Imagine you had a piece of manufacturing equipment that turns out vast amounts of your product per day.
But with improvements in technology, you discover the same piece of equipment could run even better with an upgrade that would reduce the time it takes per assembly, and turn out considerably more product per hour.
Would you do it? Of course. Such a retrofit would not only be considered essential; the cost would be considered less an expense than a capital investment for the company.
The question is…why don’t we think about employee benefits and supporting our people in the same way?
There are any number of evolving HR tools that have proven returns for human capital. But somehow the thought process around them is that they’re an inconvenient expense versus an investment.
And that’s sacrificing some valuable ROI:
Three quarters of employees with children told us they missed a day of work to care for a child; an even larger percentage in the sandwich generation said they missed work to care for families. The cost? An average of 26 billable hours per employee. The flipside: people with back-up care have worked up to 9.5 days per year they otherwise would have missed.
Parents work better when they’re not worried about their children — 95% of employees say child care from the company helps them focus on the job. How important is it? As one employee put it bluntly: “If it [child care] goes, I go.”
Avoided skills gaps
Tuition assistance is so effective at filling empty positions, one hospital put its education program under talent acquisition. And one of their hardest-to-fill positions has had the lowest vacancy level seen in seven years.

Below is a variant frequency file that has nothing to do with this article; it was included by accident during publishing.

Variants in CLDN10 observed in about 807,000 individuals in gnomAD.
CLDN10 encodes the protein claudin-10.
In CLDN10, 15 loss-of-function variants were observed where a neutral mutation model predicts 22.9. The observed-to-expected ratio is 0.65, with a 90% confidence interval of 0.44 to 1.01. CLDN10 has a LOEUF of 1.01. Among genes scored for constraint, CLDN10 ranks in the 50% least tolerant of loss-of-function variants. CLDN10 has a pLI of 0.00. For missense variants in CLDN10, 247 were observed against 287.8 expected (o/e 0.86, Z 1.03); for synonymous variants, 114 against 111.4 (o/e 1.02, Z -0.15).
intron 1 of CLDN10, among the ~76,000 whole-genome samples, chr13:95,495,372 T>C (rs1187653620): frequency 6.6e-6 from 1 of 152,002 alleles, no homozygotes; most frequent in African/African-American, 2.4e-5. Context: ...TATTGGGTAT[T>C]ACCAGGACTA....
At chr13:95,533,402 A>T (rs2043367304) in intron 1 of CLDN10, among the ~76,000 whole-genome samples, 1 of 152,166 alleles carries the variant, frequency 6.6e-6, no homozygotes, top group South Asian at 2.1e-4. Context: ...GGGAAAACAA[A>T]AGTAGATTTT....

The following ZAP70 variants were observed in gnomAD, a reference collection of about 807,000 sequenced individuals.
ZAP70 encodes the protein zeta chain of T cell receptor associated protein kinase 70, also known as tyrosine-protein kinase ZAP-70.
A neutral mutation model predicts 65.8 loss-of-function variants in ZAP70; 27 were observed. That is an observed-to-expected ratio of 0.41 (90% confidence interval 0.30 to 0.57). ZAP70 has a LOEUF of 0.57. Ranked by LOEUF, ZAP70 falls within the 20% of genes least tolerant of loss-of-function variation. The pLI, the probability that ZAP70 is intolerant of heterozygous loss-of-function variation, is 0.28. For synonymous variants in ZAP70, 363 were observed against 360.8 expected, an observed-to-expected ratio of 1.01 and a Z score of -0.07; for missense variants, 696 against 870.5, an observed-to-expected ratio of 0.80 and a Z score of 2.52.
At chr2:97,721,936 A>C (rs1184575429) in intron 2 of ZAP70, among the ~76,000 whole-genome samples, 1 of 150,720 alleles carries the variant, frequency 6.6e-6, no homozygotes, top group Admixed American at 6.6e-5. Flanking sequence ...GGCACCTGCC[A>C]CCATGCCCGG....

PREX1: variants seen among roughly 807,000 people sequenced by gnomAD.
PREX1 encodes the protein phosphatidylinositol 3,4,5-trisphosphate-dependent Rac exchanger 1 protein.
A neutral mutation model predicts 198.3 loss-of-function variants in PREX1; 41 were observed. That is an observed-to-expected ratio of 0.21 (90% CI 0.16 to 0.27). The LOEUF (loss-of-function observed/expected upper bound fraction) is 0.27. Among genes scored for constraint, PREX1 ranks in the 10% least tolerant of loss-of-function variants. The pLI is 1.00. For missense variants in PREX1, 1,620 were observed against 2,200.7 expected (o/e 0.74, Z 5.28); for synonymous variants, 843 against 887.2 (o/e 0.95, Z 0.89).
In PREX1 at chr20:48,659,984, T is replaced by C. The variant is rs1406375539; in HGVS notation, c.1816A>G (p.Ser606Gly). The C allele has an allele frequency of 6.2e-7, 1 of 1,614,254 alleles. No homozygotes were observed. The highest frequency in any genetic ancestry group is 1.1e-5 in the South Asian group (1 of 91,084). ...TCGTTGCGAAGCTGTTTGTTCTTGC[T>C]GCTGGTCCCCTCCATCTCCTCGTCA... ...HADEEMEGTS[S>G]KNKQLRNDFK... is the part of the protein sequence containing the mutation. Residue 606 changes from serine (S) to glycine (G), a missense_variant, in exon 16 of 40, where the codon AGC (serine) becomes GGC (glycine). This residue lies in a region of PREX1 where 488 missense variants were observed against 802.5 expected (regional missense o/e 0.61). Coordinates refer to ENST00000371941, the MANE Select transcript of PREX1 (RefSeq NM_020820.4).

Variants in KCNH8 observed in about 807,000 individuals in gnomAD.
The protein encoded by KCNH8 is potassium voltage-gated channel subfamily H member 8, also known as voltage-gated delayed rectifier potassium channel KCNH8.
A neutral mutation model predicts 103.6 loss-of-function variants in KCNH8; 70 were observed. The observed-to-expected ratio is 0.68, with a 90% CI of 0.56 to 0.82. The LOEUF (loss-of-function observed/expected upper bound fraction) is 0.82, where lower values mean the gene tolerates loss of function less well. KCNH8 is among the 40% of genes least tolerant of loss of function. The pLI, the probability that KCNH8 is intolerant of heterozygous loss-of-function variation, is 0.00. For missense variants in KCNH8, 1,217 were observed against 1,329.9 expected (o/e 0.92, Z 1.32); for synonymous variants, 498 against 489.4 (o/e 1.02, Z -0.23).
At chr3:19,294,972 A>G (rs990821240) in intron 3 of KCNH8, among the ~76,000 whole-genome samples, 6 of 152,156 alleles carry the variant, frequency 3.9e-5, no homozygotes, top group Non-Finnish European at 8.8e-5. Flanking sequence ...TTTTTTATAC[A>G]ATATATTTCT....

Career development lights people’s fire, so much so that Glassdoor calls it a primary reason people stay – or leave, saving the estimated 21% of annual pay it costs for replacement. Bonus fact: it’s one of the three elements that make up a Dream Company.
The above are hard returns to argue with – and just a few of the many rewards of a robust approach to supporting your people. Yet too often that support is considered an extra – “a nice to have” that goes squarely in the “expense” column of our ledgers. But the “benefits” aren’t just to employees.
The truth is, people aren’t machines. But like machines, investing in people helps them work better. Employee benefits are how you do that.
It begs the question — why wouldn’t we want to support our people at least as well as we support our machines?